When you were born I couldn’t imagine having a toddler. Then when you were a toddler I couldn’t imagine having a little boy. That’s because I couldn’t have dreamed of having a happier, cheekier, more gorgeous, big grown up boy like you are today. You are smart, kind, sweet, and you love to have cuddles and kisses with your mum. You also like to tell the biggest stories, and talk a lot about missing your grandpa, someone you never even got to meet. It makes me wonder if you met him on your way to us.

You are constantly talking about getting a dog. Aunty Kayla has two dogs and you are just waiting for the day we move into a house that has a yard so that we can have one too. I would love for you to have a dog, but I also remember how much work they are and I don’t know if dad and I are ready to take on that responsibility just yet. Looking after you is work enough!

You think poos, farts and waving your naked bum bum around in our faces is funny. It’s how we know you are truly a BOY! You’re really enjoying playing soccer on Saturdays and you’ve also taken some tennis lessons and enjoy that, too. It helps that you like to be active, because it makes up for all the time you spend playing Wii. Lately you and dad have been playing Lego Batman wii and Lego Star Wars wii. Most people like Obi Wan Kenobi or Luke Skywalker. Not you. You like Darth Vader and Boba Fett. You also play a lot of reading eggs on your laptop, which is a great tool for helping kids learn. I think your addiction to it might be contributing to how well you’re doing at school.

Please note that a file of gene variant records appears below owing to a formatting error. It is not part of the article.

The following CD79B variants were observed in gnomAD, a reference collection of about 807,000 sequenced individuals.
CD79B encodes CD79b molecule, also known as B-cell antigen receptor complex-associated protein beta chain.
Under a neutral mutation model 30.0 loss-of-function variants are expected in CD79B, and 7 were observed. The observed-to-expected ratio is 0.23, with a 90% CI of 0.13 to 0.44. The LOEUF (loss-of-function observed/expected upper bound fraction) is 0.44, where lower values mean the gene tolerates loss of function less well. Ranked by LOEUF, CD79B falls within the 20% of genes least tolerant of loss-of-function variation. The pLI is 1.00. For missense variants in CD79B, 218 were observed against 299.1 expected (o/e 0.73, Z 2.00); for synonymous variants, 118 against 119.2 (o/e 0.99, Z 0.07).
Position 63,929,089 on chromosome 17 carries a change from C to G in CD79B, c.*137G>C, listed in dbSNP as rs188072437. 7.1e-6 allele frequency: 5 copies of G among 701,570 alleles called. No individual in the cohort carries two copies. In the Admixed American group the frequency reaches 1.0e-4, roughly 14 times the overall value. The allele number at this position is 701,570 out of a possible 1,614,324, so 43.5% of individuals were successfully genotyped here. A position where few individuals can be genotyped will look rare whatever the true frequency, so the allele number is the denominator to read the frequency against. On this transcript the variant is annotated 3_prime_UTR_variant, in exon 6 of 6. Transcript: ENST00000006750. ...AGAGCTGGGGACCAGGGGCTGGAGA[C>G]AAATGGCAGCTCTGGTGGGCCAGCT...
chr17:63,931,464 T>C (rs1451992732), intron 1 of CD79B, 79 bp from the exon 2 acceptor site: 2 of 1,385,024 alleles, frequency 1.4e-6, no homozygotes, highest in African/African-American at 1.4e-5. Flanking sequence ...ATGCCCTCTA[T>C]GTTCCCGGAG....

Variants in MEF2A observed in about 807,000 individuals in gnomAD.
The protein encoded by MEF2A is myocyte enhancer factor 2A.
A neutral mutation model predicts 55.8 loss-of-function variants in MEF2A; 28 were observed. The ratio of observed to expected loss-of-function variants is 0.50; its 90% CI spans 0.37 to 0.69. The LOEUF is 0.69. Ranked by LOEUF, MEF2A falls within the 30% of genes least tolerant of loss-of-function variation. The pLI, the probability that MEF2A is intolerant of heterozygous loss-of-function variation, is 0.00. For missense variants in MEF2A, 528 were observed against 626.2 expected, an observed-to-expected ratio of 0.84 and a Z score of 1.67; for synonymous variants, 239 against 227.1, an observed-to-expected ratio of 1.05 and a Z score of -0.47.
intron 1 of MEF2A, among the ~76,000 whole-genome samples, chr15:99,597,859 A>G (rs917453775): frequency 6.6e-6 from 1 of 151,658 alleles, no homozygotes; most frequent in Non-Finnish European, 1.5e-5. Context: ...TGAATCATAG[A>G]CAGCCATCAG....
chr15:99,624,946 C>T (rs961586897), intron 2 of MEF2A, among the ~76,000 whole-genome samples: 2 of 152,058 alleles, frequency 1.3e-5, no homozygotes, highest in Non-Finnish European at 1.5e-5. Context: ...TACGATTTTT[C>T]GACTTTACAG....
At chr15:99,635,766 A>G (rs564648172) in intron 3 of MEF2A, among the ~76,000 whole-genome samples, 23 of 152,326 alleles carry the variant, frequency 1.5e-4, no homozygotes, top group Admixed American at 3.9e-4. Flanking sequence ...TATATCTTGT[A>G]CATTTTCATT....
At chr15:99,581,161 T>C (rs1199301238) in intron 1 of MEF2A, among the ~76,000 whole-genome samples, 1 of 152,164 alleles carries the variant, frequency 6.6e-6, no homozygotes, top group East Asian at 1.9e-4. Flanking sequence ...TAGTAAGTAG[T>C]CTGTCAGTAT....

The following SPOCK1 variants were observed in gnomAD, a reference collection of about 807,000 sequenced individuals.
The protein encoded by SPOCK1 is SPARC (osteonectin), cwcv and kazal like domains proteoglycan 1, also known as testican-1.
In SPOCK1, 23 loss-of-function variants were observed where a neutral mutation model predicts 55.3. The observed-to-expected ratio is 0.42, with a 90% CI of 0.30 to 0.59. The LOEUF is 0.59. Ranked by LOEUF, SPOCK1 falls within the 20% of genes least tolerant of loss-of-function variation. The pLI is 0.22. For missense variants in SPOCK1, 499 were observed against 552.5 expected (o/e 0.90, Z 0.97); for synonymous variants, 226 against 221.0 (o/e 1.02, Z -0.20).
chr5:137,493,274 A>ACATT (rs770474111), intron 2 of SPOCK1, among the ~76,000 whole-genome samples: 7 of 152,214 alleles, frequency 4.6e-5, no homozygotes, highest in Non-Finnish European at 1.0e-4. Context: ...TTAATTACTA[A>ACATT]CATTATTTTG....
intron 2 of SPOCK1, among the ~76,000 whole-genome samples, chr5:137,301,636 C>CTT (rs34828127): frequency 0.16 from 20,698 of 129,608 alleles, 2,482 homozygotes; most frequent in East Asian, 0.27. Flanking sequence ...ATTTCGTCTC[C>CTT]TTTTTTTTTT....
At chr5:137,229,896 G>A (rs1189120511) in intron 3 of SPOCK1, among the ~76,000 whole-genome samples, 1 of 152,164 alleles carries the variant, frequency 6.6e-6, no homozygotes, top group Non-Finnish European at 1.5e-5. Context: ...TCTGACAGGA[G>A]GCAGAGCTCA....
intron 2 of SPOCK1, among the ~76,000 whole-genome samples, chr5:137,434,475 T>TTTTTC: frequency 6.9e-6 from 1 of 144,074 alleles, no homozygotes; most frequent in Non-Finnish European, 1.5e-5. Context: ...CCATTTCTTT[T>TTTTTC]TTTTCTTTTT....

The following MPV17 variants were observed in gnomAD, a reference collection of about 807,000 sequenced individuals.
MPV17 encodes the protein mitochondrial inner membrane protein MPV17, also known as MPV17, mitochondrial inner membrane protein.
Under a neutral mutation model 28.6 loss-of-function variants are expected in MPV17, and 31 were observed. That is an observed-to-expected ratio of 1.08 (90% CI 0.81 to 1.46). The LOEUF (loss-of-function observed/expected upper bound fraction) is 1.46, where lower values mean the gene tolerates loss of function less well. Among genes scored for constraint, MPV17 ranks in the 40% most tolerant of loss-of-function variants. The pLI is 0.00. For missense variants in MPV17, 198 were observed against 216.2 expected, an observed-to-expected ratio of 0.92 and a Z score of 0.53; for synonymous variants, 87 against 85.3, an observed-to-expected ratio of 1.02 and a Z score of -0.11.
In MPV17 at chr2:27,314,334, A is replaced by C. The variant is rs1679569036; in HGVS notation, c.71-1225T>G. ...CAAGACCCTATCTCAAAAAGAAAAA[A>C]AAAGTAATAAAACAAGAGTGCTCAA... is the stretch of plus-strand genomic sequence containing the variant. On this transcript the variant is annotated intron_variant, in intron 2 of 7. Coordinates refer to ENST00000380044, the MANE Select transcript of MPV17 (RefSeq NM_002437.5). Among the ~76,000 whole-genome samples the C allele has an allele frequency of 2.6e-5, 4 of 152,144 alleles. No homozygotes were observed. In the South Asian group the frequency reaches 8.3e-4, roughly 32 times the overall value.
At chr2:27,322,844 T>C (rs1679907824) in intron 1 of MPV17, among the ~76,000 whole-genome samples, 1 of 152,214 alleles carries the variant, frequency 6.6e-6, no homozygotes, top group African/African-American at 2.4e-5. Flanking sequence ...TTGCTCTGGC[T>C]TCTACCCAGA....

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It’s been hard for me to come to terms with the fact that you are now 5 years old. The time has just gone so quickly. You even said to me that you are “this many” and held up 5 fingers. Then you said, “One day I’ll be THIS many” and held up 10. I am certainly not ready for that to happen! I don’t even try to think about what things will be like when you are 10, or 15 or 20. I’d rather just focus on how awesome you are at this age right now. My big 5 year old. You’ll never know how much we love you, until you have a child of your own. It’s a love only a parent can understand.

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Happy Birthday my perfect boy. I love with you all my love heart, as you would say. “I love you with all my love heart, all the way to my back” and you touch your hands together behind your back.

All my love,
Mum

* His birthday was Sunday, but this was scheduled as an IBOT post

Linking up with Essentially Jess for IBOT!